Why the same dream?

Prashant Sharma psharma at BUPHY.BU.EDU
Wed Nov 26 01:44:20 CST 1997

> From: Miguel Angel Carrasco <nisargadata at MX3.REDESTB.ES>
> Subject: Why the same dream?
> Date: Saturday, November 22, 1997 8:06 AM
> Dear Prashant Sharma, I just cannot understand what you mean by ^ÓThe mind
> is like an atmosphere that all living beings share^Ô. As I understand,
> living beings are just minds. Bodies do not exist outside consciousness.
> There is only consciousness, and the content of consciousness can be
> described as minds, bodies, etc. In fact, all things, all concepts and
> percepts are just thoughts, the contents of consciousness. There cannot
> an outside atmosphere which would influence minds, because there cannot
> an ^Óoutside of consciousness^Ô. I think this is a very fundamental point
> Advaita. Consciousness does not appear in matter, but the other way

In the following I will attempt to explain the statement: "mind is like an
atmosphere that all living beings share". First, let me ask you what
exactly do you mean by consciousness?  We are conscious, aware, only
through thought.  Even dogs use thought, albeit in a simple manner.  We
have added the complexity of language that is the "only" difference.
Thought is not yours or mine; it is our common inheritance. There is no
such thing as your mind and my mind there is only *mind*---the totality of
all that is felt and experienced by man.  Your earlier objection to this
was that :
>>...I do not like the "only one mind which is the sum total of
human experiences". Expressed like that, the sum total seems the result
from the previous experiences. A sort of collective memory. The problem is
that also my dog seems to share much of my dream. He also seems to like
looking at the full moon, avoiding the blazing Spanish sun, etc.>>

(I should apologize for being conservative enough to include only "human
experiences" :)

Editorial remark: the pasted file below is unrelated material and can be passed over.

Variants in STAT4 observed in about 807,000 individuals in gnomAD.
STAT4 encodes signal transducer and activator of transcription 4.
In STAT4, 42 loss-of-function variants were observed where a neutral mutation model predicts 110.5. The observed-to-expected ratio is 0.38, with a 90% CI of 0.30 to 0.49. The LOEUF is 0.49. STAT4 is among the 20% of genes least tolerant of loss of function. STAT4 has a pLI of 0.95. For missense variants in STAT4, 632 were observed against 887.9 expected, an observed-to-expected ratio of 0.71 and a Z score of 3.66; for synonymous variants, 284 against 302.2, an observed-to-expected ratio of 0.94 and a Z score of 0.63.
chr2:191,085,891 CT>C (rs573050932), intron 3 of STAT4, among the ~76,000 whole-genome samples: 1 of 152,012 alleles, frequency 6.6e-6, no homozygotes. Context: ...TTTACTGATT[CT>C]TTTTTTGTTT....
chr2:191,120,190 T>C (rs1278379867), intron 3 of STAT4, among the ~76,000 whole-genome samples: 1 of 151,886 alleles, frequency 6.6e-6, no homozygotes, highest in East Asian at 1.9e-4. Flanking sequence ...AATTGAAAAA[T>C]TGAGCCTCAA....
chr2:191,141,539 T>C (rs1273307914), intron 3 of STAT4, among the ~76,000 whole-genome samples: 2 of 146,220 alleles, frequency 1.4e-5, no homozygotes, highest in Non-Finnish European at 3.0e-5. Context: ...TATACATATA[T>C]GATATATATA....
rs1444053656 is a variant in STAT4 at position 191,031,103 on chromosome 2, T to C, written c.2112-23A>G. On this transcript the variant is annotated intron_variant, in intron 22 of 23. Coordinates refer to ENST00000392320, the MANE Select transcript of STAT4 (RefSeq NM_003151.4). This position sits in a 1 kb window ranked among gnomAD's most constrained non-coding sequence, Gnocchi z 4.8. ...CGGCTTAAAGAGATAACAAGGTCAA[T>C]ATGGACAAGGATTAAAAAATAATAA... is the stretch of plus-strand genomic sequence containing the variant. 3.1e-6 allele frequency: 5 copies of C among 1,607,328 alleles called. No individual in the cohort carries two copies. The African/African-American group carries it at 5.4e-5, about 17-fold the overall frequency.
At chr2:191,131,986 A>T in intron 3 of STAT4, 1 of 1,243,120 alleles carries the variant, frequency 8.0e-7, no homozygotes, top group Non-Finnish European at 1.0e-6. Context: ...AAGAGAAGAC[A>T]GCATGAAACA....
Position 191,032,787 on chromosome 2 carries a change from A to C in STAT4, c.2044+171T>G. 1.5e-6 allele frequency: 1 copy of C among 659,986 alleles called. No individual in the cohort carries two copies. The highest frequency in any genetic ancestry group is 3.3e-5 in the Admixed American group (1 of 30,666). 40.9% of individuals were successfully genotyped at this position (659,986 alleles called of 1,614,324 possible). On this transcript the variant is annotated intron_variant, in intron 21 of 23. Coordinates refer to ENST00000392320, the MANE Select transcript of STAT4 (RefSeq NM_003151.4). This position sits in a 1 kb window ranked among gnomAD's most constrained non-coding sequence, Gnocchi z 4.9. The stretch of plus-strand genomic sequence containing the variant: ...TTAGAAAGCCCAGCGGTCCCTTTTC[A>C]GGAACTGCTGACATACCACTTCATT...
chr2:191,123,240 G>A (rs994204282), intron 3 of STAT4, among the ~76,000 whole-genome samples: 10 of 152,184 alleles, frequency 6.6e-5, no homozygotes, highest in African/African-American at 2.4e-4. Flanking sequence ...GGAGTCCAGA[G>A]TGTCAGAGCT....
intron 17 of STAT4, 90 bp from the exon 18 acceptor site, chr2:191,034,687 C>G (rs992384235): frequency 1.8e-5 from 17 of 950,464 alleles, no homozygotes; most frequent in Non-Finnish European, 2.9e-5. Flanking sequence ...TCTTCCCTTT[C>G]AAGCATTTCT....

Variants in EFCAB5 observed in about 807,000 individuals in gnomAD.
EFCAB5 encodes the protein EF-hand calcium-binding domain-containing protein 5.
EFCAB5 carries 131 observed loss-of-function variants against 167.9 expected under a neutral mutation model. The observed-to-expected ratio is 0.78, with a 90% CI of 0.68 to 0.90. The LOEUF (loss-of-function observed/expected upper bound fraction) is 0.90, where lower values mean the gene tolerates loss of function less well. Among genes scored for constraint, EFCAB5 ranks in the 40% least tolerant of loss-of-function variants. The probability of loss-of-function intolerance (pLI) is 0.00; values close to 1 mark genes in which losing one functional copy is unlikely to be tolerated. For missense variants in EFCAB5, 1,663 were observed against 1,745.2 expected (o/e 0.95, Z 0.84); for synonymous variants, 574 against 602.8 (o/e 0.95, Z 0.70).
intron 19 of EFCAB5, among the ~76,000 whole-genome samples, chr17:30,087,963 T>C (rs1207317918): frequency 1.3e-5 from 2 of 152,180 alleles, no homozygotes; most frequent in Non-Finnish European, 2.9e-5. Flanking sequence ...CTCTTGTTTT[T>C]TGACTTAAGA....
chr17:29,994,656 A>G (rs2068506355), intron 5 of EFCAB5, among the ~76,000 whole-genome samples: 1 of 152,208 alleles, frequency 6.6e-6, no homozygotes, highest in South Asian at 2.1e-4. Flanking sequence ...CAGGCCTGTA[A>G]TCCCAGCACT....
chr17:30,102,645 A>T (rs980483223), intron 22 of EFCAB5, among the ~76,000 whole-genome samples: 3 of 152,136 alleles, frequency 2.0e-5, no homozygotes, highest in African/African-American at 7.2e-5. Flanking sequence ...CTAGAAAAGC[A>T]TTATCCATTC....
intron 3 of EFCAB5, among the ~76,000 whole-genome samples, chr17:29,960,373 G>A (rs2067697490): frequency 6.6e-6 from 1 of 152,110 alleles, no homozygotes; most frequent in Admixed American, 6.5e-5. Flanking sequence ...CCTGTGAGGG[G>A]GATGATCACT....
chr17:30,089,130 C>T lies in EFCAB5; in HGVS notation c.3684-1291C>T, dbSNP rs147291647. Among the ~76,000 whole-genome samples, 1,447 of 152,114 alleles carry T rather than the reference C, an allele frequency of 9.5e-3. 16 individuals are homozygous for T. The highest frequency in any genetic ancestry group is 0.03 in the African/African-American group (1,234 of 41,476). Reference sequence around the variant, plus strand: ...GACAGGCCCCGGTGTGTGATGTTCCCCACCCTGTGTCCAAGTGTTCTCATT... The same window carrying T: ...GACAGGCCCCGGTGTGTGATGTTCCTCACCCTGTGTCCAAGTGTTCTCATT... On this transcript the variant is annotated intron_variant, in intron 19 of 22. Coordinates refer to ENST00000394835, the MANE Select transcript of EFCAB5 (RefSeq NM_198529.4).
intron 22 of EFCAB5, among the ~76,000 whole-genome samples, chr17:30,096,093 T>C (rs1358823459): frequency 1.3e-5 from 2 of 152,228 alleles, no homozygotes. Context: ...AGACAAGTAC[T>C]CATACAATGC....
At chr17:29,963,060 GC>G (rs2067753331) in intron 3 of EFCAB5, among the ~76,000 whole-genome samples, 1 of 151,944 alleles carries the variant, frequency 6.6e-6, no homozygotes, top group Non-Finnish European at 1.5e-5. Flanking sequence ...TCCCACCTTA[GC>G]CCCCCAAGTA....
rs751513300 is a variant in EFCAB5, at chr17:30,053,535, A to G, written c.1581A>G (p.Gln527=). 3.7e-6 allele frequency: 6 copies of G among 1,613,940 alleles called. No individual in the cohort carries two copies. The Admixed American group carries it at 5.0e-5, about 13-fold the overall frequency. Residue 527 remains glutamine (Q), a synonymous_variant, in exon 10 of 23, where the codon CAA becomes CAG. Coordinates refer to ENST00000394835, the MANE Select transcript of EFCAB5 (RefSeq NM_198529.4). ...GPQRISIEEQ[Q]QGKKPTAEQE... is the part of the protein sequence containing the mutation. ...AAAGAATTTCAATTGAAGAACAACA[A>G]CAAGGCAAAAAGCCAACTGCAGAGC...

You see in the "totality" an element of time,a collective memory.  The
point is there is nothing novel
that you and I dream.  The dreams are all the same things: jigsaw puzzles
that can be fitted in various ways to give a semblance of "novelty".
There is nothing new going on here.  Therefore,
there is a totality of knowledge which comprises the *mind*.
 Let me attempt to clarify this matter in a slightly different way.  The so
called present is nothing but an "operative" past. It is born of the past,
it has no seperate existence.   And it will lead to a future, which being
based on the past can't be different from it.  Actually the "true" present
is when the past doesn't operate: this is the here and now, which shall not
change.  But in this "true" present we do not exist. The question what
exists (consciousness or unconsciousness?) is seemingly meaningless since
the instrument that answers it is simply not there in the "true" present.
So we can say that our existence is in the past and in the future which is
born of this past.  Which brings us back to the totality...
This totality is the *mind* which is "maya".  Our individuality is in this
*mind*.  Everything that hapens to us is in this mind (and in some sense,
because of this mind). It is in this sense that one can say that we are all
thinking and functioning in an "atmosphere" that we all share.
I hope this is clarifying.

> You also said, dear Prashant, something very interesting: ^ÓFor a realized
> person, there is still the world, the Milky Way and the continents^Ô.
> Indeed. And that brings me back to ask again: Why did Samkara,
> Vivekananda, Nisargadatta, Ramana etc continue to dream of the _same_
> cosmos even after realization of their true Self? Of course they now saw
> it, as you well say, ^Ófor what they are, just superpositions on Nirguna
> Brahman^Ô. But why the same superimpositions in all cases?

        I am sorry but I dont remember having written this.


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